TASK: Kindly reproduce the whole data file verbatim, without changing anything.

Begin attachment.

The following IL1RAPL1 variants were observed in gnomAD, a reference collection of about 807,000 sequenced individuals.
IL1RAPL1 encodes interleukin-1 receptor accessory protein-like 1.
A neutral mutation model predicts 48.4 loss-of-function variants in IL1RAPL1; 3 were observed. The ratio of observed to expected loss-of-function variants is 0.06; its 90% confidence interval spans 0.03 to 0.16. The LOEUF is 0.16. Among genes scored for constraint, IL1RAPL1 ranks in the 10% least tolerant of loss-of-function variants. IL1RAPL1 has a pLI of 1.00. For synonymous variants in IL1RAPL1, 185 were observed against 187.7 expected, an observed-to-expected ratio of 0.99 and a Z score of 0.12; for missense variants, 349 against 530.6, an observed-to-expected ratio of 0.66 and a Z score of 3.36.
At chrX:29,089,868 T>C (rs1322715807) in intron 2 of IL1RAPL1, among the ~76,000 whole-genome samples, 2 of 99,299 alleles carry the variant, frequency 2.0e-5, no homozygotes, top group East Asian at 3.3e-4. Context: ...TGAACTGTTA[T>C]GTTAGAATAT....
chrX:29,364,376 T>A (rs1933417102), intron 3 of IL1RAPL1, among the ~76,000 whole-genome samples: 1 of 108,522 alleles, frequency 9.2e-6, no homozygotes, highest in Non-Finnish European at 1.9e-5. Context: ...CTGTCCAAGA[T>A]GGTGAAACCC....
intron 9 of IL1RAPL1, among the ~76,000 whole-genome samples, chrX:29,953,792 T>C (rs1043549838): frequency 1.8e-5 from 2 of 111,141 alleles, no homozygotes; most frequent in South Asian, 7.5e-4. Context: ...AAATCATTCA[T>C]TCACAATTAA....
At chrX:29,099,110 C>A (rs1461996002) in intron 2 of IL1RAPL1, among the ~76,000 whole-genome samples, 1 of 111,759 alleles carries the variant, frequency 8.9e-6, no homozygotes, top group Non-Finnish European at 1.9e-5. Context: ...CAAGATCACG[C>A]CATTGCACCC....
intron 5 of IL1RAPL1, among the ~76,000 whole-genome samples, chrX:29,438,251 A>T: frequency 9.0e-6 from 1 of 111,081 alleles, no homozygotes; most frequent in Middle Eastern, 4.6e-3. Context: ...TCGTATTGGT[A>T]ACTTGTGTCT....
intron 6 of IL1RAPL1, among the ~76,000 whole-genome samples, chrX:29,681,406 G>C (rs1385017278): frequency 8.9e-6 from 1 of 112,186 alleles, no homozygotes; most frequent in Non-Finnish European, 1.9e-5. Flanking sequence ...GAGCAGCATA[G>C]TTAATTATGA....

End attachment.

The following IL1RAPL1 variants were observed in gnomAD, a reference collection of about 807,000 sequenced individuals.
IL1RAPL1 encodes interleukin-1 receptor accessory protein-like 1.
A neutral mutation model predicts 48.4 loss-of-function variants in IL1RAPL1; 3 were observed. The ratio of observed to expected loss-of-function variants is 0.06; its 90% confidence interval spans 0.03 to 0.16. The LOEUF is 0.16. Among genes scored for constraint, IL1RAPL1 ranks in the 10% least tolerant of loss-of-function variants. IL1RAPL1 has a pLI of 1.00. For synonymous variants in IL1RAPL1, 185 were observed against 187.7 expected, an observed-to-expected ratio of 0.99 and a Z score of 0.12; for missense variants, 349 against 530.6, an observed-to-expected ratio of 0.66 and a Z score of 3.36.
At chrX:29,089,868 T>C (rs1322715807) in intron 2 of IL1RAPL1, among the ~76,000 whole-genome samples, 2 of 99,299 alleles carry the variant, frequency 2.0e-5, no homozygotes, top group East Asian at 3.3e-4. Context: ...TGAACTGTTA[T>C]GTTAGAATAT....
chrX:29,364,376 T>A (rs1933417102), intron 3 of IL1RAPL1, among the ~76,000 whole-genome samples: 1 of 108,522 alleles, frequency 9.2e-6, no homozygotes, highest in Non-Finnish European at 1.9e-5. Context: ...CTGTCCAAGA[T>A]GGTGAAACCC....
intron 9 of IL1RAPL1, among the ~76,000 whole-genome samples, chrX:29,953,792 T>C (rs1043549838): frequency 1.8e-5 from 2 of 111,141 alleles, no homozygotes; most frequent in South Asian, 7.5e-4. Context: ...AAATCATTCA[T>C]TCACAATTAA....
At chrX:29,099,110 C>A (rs1461996002) in intron 2 of IL1RAPL1, among the ~76,000 whole-genome samples, 1 of 111,759 alleles carries the variant, frequency 8.9e-6, no homozygotes, top group Non-Finnish European at 1.9e-5. Context: ...CAAGATCACG[C>A]CATTGCACCC....
intron 5 of IL1RAPL1, among the ~76,000 whole-genome samples, chrX:29,438,251 A>T: frequency 9.0e-6 from 1 of 111,081 alleles, no homozygotes; most frequent in Middle Eastern, 4.6e-3. Context: ...TCGTATTGGT[A>T]ACTTGTGTCT....
intron 6 of IL1RAPL1, among the ~76,000 whole-genome samples, chrX:29,681,406 G>C (rs1385017278): frequency 8.9e-6 from 1 of 112,186 alleles, no homozygotes; most frequent in Non-Finnish European, 1.9e-5. Flanking sequence ...GAGCAGCATA[G>C]TTAATTATGA....